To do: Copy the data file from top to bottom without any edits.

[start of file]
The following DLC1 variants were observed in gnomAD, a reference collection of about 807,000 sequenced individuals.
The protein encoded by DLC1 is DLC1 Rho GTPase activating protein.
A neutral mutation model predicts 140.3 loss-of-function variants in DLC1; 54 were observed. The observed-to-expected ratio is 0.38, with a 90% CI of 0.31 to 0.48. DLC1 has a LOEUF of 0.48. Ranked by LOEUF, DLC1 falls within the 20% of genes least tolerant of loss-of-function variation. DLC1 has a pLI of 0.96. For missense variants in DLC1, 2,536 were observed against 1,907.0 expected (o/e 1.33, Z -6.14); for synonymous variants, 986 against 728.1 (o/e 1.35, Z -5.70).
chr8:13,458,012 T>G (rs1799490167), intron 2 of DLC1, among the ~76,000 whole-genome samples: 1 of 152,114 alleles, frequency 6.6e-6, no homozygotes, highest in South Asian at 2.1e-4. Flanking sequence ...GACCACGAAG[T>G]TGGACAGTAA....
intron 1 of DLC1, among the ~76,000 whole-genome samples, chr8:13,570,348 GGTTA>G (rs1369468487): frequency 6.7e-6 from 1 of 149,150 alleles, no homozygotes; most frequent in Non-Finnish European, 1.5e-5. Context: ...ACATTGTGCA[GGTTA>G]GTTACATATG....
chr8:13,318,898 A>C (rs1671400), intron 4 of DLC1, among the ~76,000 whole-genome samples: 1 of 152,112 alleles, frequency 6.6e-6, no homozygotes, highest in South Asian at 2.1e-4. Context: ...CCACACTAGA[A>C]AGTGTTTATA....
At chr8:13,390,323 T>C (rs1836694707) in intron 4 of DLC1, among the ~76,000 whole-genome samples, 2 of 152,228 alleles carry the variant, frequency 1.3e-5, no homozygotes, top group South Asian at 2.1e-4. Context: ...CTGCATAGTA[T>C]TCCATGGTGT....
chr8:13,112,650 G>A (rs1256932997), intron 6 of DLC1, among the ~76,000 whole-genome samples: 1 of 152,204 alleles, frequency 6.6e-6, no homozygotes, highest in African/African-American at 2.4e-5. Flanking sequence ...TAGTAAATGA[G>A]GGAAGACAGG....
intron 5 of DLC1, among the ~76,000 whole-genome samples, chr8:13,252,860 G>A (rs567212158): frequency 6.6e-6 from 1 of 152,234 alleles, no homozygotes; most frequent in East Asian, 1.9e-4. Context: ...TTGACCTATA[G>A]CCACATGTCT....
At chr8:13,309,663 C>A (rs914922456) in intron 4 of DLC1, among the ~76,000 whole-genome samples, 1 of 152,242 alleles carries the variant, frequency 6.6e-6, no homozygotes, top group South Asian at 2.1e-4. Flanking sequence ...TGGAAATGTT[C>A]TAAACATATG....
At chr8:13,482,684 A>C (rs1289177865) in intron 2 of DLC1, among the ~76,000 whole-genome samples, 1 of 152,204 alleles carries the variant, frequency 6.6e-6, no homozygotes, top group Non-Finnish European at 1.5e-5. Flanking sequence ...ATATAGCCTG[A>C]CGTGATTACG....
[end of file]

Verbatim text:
The following DLC1 variants were observed in gnomAD, a reference collection of about 807,000 sequenced individuals.
The protein encoded by DLC1 is DLC1 Rho GTPase activating protein.
A neutral mutation model predicts 140.3 loss-of-function variants in DLC1; 54 were observed. The observed-to-expected ratio is 0.38, with a 90% CI of 0.31 to 0.48. DLC1 has a LOEUF of 0.48. Ranked by LOEUF, DLC1 falls within the 20% of genes least tolerant of loss-of-function variation. DLC1 has a pLI of 0.96. For missense variants in DLC1, 2,536 were observed against 1,907.0 expected (o/e 1.33, Z -6.14); for synonymous variants, 986 against 728.1 (o/e 1.35, Z -5.70).
chr8:13,458,012 T>G (rs1799490167), intron 2 of DLC1, among the ~76,000 whole-genome samples: 1 of 152,114 alleles, frequency 6.6e-6, no homozygotes, highest in South Asian at 2.1e-4. Flanking sequence ...GACCACGAAG[T>G]TGGACAGTAA....
intron 1 of DLC1, among the ~76,000 whole-genome samples, chr8:13,570,348 GGTTA>G (rs1369468487): frequency 6.7e-6 from 1 of 149,150 alleles, no homozygotes; most frequent in Non-Finnish European, 1.5e-5. Context: ...ACATTGTGCA[GGTTA>G]GTTACATATG....
chr8:13,318,898 A>C (rs1671400), intron 4 of DLC1, among the ~76,000 whole-genome samples: 1 of 152,112 alleles, frequency 6.6e-6, no homozygotes, highest in South Asian at 2.1e-4. Context: ...CCACACTAGA[A>C]AGTGTTTATA....
At chr8:13,390,323 T>C (rs1836694707) in intron 4 of DLC1, among the ~76,000 whole-genome samples, 2 of 152,228 alleles carry the variant, frequency 1.3e-5, no homozygotes, top group South Asian at 2.1e-4. Context: ...CTGCATAGTA[T>C]TCCATGGTGT....
chr8:13,112,650 G>A (rs1256932997), intron 6 of DLC1, among the ~76,000 whole-genome samples: 1 of 152,204 alleles, frequency 6.6e-6, no homozygotes, highest in African/African-American at 2.4e-5. Flanking sequence ...TAGTAAATGA[G>A]GGAAGACAGG....
intron 5 of DLC1, among the ~76,000 whole-genome samples, chr8:13,252,860 G>A (rs567212158): frequency 6.6e-6 from 1 of 152,234 alleles, no homozygotes; most frequent in East Asian, 1.9e-4. Context: ...TTGACCTATA[G>A]CCACATGTCT....
At chr8:13,309,663 C>A (rs914922456) in intron 4 of DLC1, among the ~76,000 whole-genome samples, 1 of 152,242 alleles carries the variant, frequency 6.6e-6, no homozygotes, top group South Asian at 2.1e-4. Flanking sequence ...TGGAAATGTT[C>A]TAAACATATG....
At chr8:13,482,684 A>C (rs1289177865) in intron 2 of DLC1, among the ~76,000 whole-genome samples, 1 of 152,204 alleles carries the variant, frequency 6.6e-6, no homozygotes, top group Non-Finnish European at 1.5e-5. Flanking sequence ...ATATAGCCTG[A>C]CGTGATTACG....